A health systems approach to critical care delivery in low-resource settings: a narrative review
There is a high burden of critical illness in low-income countries (LICs), adding pressure to already strained health systems. Over the next decade, the need for critical care is expected to grow due to ageing populations with increasing medical complexity; limited access to primary care; climate change; natural disasters; and conflict. In 2019, the 72nd World Health Assembly emphasised that an essential part of universal health coverage is improved access to effective emergency and critical care and to “ensure the timely and effective delivery of life-saving health care services to those in need”.
In this narrative review, we examine critical care capacity building in LICs from a health systems perspective. We conducted a systematic literature search, using the World Heath Organisation (WHO) health systems framework to structure findings within six core components or “building blocks”: (1) service delivery; (2) health workforce; (3) health information systems; (4) access to essential medicines and equipment; (5) financing; and (6) leadership and governance. We provide recommendations using this framework, derived from the literature identified in our review. These recommendations are useful for policy makers, health service researchers and healthcare workers to inform critical care capacity building in low-resource settings.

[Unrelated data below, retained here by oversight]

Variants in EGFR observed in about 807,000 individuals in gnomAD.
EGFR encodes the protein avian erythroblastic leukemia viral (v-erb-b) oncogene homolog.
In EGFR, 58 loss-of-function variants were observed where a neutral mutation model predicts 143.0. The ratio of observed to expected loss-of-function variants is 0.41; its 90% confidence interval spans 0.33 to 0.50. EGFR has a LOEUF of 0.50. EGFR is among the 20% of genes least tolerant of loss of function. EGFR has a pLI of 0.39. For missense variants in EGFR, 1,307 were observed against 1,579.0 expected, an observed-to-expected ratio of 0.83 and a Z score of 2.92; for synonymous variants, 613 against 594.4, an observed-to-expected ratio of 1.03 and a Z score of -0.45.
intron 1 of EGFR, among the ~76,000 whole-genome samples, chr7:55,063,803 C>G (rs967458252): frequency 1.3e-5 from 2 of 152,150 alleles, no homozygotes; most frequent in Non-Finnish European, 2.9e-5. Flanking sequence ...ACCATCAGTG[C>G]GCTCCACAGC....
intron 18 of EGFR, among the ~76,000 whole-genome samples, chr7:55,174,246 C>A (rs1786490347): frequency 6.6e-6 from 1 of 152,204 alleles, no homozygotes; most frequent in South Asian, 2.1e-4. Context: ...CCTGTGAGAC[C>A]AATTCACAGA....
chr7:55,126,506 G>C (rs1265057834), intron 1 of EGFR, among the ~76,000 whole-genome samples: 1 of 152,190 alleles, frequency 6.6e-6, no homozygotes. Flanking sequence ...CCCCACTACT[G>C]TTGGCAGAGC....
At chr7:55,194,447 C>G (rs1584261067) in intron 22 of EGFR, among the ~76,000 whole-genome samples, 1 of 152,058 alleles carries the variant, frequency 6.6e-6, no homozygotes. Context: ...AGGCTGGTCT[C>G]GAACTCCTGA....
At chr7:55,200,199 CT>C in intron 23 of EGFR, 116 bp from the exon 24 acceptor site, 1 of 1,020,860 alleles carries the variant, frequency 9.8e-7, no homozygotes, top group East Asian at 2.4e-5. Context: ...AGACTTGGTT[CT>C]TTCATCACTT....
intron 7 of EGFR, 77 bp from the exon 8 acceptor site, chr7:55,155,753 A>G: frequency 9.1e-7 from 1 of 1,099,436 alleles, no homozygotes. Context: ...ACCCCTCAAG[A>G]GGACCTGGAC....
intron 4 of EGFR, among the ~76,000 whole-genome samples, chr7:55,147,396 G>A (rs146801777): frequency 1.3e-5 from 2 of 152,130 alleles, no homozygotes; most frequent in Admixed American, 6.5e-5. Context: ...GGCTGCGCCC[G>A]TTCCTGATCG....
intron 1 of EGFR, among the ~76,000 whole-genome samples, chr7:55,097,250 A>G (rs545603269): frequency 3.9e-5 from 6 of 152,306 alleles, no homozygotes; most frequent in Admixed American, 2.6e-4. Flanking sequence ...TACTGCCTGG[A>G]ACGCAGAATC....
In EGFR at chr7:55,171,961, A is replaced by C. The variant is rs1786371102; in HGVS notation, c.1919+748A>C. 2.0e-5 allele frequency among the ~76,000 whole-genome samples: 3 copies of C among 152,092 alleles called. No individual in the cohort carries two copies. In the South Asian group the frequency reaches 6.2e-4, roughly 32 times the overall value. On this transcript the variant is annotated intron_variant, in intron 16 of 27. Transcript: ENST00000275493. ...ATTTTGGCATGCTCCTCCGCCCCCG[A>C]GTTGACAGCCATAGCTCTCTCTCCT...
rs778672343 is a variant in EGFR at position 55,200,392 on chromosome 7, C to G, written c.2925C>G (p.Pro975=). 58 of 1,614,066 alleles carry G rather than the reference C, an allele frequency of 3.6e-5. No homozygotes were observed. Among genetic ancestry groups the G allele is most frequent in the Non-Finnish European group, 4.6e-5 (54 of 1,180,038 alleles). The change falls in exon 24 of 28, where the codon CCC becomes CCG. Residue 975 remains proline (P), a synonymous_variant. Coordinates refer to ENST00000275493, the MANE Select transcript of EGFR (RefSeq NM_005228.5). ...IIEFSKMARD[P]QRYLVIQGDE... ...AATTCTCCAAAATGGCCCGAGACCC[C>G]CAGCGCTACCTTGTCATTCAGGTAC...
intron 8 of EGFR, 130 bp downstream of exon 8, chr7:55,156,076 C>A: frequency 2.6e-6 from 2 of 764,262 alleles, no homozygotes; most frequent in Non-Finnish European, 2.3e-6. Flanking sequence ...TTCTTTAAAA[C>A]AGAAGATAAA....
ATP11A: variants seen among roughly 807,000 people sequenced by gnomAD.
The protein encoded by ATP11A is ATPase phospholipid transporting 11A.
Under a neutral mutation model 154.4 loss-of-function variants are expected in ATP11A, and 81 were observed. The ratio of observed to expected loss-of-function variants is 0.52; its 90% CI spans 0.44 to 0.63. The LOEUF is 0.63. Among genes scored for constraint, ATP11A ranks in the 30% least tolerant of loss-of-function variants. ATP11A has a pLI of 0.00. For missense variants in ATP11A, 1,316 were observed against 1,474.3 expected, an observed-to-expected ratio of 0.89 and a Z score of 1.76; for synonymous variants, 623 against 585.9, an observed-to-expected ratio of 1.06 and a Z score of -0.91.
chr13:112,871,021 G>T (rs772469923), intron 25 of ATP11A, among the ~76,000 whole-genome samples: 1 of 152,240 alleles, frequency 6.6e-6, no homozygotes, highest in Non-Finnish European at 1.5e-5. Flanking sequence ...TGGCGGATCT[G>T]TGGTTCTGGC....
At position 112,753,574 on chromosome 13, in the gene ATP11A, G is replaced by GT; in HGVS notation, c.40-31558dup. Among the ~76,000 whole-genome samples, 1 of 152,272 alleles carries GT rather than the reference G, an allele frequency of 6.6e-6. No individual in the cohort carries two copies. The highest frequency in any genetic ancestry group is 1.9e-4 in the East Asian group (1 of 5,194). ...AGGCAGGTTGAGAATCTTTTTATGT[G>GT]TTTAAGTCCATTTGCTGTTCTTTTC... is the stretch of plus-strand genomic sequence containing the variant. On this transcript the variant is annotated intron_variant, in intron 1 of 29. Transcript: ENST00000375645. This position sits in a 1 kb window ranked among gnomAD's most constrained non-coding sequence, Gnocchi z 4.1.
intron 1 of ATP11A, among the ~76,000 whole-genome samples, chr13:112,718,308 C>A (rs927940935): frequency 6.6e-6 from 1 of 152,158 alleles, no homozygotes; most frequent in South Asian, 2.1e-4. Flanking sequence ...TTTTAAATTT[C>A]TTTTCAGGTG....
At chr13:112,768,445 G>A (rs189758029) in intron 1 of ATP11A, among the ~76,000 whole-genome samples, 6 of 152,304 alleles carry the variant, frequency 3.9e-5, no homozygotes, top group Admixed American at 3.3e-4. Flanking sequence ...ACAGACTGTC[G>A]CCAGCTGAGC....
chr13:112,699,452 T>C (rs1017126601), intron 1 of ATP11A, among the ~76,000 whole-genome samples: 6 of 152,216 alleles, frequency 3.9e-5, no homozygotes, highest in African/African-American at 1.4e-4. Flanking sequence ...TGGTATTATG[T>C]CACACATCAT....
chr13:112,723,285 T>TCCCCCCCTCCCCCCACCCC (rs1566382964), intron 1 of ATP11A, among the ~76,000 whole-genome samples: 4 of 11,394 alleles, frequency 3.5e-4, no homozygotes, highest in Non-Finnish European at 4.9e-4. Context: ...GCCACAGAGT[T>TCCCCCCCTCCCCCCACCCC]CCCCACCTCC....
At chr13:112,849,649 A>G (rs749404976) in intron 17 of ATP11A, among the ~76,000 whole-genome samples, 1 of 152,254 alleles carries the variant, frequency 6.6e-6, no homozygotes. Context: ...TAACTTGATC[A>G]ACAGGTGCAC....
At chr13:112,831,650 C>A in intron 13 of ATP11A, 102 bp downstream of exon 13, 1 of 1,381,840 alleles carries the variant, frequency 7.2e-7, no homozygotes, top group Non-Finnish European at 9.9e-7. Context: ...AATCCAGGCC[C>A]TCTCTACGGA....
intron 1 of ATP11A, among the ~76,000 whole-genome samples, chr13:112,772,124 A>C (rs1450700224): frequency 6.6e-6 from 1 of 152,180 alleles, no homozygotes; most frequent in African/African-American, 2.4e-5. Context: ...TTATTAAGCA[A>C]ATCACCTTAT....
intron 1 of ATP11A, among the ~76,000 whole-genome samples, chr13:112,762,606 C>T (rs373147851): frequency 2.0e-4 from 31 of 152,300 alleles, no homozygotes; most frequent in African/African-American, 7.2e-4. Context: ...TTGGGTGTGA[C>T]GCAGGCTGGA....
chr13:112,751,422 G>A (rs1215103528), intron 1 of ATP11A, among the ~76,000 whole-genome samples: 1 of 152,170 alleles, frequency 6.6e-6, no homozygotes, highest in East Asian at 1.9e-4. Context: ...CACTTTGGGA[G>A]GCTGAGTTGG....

There is an urgent need to increase critical care capacity in low-income countries to meet the needs of vulnerable patients. We provide recommendations through a health systems lens to design and develop context-sensitive critical care services in low-income countries. Strategies to objectively prioritise how critical care services should be provided within the wider healthcare system are urgently required.